Farmers have been raising backyard urban chickens for over 3,000 years, but in the last 5 years, it’s become accessible for even the beginner farmer like you and me. With 380 million eggs recalled recently, raising chickens at home never sounded so reassuring. You will be able to raise them organically, free of hormones and antibiotics, and let them run around your yard verses being cooped up in a cage twenty-four hours a day.
You’ll get around 300 eggs per hen per year but the benefits don’t stop there. Here are several more benefits:
* Backyard chickens are healthier. As we mentioned above they are kept to confined areas, causing stress, fed and unnatural diet, and given hormones and antibiotics which affect the taste of the eggs.
*Backyard chicken eggs are more nutritious. They have 25 percent more vitamin E, a third more vitamin A, 75 percent beta carotene, and taste fresher.
*Small chicken coops are good for your compost. Chicken poop is high in nitrogen which is great for your compost bin and you can even compost the used egg shells.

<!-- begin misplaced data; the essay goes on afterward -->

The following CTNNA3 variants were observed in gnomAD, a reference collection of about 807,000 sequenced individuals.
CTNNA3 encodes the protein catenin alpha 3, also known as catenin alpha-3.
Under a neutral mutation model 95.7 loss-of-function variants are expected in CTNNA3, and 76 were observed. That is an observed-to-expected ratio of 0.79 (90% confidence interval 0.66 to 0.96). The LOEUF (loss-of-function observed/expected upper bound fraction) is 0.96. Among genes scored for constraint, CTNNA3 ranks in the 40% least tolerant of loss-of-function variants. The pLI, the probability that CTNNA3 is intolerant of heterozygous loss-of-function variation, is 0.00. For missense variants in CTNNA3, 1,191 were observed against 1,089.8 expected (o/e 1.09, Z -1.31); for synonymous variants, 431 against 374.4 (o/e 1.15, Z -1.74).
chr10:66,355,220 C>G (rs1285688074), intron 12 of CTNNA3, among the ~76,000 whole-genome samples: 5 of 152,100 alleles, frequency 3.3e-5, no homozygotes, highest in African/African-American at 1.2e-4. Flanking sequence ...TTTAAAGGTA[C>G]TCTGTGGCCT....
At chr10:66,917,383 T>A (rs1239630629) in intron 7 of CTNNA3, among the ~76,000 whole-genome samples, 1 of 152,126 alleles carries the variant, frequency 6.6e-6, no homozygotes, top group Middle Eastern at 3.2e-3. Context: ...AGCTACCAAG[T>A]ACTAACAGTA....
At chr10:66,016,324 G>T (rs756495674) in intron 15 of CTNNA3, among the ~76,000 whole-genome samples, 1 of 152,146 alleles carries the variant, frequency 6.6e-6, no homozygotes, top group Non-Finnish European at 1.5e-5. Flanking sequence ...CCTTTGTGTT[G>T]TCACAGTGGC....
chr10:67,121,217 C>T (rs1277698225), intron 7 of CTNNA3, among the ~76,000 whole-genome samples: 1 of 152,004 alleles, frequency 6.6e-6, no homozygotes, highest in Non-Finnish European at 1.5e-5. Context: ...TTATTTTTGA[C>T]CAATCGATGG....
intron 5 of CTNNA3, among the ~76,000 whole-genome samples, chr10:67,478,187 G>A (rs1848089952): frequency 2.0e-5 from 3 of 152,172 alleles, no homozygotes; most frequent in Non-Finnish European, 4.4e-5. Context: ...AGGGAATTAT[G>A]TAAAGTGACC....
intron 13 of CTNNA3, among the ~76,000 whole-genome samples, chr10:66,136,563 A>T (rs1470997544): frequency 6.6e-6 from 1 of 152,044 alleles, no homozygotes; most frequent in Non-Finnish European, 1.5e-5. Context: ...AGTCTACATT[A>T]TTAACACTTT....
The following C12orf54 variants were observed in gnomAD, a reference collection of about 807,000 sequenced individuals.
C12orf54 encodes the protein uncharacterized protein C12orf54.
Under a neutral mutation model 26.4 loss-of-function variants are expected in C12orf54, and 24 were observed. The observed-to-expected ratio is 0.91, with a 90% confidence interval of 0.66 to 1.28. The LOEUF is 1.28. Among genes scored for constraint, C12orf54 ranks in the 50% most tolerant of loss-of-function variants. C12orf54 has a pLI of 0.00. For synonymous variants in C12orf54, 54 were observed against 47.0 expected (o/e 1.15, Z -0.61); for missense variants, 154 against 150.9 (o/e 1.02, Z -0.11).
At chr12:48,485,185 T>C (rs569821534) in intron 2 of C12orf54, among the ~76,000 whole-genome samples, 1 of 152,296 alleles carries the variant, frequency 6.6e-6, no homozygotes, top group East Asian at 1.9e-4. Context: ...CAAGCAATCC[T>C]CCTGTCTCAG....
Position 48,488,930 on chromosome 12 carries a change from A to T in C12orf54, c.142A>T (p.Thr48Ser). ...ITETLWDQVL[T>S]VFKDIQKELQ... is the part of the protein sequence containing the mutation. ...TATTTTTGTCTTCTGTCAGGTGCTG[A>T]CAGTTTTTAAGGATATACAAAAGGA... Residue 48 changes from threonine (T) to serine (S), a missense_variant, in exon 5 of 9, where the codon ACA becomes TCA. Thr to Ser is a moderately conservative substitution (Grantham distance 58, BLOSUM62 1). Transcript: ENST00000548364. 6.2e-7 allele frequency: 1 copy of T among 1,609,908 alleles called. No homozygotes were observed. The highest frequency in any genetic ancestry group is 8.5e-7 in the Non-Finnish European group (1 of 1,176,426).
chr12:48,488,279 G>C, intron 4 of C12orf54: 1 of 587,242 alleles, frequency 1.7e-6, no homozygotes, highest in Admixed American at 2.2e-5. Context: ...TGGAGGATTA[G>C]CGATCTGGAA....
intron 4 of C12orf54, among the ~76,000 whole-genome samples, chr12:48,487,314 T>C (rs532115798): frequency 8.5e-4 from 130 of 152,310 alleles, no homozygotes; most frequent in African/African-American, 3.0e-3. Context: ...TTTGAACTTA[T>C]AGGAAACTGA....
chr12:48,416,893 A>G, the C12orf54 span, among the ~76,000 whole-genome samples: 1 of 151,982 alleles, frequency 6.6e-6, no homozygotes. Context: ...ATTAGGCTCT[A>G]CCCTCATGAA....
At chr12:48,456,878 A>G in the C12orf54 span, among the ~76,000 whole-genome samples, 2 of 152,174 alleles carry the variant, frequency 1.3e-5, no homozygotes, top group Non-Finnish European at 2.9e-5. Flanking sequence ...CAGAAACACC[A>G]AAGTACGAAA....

*Backyard chickens are good for your garden. When not in their chicken coop, chickens forage the soil looking for yummy bugs, grubs, earwigs and the same bugs that eat your summer veggies and fruits. Plus they turn the soil and aerate it.
* Backyard chicken coops are a great lesson for kids. It’s important that kids have a connection to their food and understand the farm-to-plate chain. Plus they will love feeding them and collecting eggs from your coop.
You can point to many different reasons, but it pretty much boils down to three things for having a backyard chicken coop: food, fascination and family.
Also you can have the fun of picking what type of chickens you want to raise. With more than 100 recognized breeds, the sheer number of different body types is amazing. Chickens range in size from the 12 ounce Serma to big bruiser’s such as the 13 pound Jersey Giant. Feathers can be blue, red, orange, gold, brown, white, gray or black. Rhode Island Reds provide brown eggs, Leghorns provide white eggs, and Ameraucanas can lay blue, green or even pink ones. Brahma and Cochin chickens flaunt fancy feathered legs. A Silkie looks like a ball of fluff adorned with turquoise earrings. Chickens personalities vary as much as their colors. They can be affectionate, curious, loyal, adventurous, shy, aggressive or hard to tame. Be sure to study up on what type of chicken you may want before you choose what to buy.